Budesonide (Jorveza®) for use in EoE (Eosinophilic Oesoghagitis) - 8 Feb 2021
Allergy & Anaphylaxis Australia (A&AA) made a submission to Pharmaceutical Benefits Advisory Committee (PBAC).
Eosinophilic Oesophagitis (EoE) currently affects about 1 in 1000 Australians¹ (both children and adults). It is a debilitating disease that has no cure. The symptoms of EoE are varied and include difficulty swallowing and food sticking in the oesophagus, and can result in permanent scarring and narrowing of the oesophagus. Although more is known about the disease now thanks to increasing research, there is still much to be understood. People with EoE often have a poor quality of life so any treatment that improves their wellbeing is welcomed.
Currently, the goal of treatment is to improve symptoms by eliminating or reducing the number of eosinophils in the oesophagus. To date, medications used for other allergic conditions such as allergic asthma have been used to treat EoE. Asthma steroid medications’ such as Flixotide (Fluticasone propionate) and Pulmicort (Budesonide) have been sprayed into the mouth and/or swallowed to try to get the steroid medication to the oesophagus, and steroid liquid has been mixed into a slurry and swallowed.
Despite being beneficial for EoE, none of these asthma medications (inhalers and nebules/respules) have been indicated for EoE by the Pharmaceutical Benefits Advisory Committee (PBAC). People with EoE who are already marginalised by their condition, have to pay full cost of inhaled steroids that their treating specialist prescribes for EoE if they do not also have asthma. It is important that people with rarer disease states that greatly impact on health and wellbeing have access to a range of medications (proven to improve the rare disease state such as EoE) to treat their medical condition.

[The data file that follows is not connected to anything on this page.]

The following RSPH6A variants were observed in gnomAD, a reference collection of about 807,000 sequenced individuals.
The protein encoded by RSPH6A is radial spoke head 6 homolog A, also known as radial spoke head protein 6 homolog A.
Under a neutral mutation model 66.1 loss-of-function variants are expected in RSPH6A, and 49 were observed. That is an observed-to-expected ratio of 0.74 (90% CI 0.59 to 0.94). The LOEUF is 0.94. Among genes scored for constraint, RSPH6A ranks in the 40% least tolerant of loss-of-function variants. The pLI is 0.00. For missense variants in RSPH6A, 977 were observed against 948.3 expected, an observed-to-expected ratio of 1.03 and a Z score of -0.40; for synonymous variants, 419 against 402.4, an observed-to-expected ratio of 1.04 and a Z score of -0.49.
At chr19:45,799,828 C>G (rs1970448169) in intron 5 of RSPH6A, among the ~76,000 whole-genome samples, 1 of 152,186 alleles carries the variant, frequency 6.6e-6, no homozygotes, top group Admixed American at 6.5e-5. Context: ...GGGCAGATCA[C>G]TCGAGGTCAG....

Jorveza® is a new medication that contains Budesonide (the same medication in Pulmicort) in tablet form that dissolves in the mouth and can be swallowed, therefore coating the target area which is the oesophagus.
A&AA strongly supports PBS listing of Jorveza® as it is the only medication specifically formulated to target the oesophagus. The steroid aerosols and slurries currently used to treat EoE have improved the condition, so a disintegrating tablet specifically for EoE should help compliance and management. Having EoE often means people have difficulty eating so having a medication that is easy to take, targeted and affordable can improve eating challenges for people with EoE who often have many restrictions.
We implore the government to make other medications such as Budesonide respules and Neocate Spoon (sometimes used to mix Budesonide respule into a slurry to be swallowed) to be made available to consumers with EoE via the Pharmaceutical Benefits Scheme (PBS) as some people may not be able to have Jorveza® because of excipients used in the tablet formulation. It is important people with allergic disease and their treating doctors have a choice of treatments that best suit the disease state and the person taking it.
1. ASCIA www.allergy.org.au/patients/food-other-adverse-reactions/eosinophilic-oesophagitis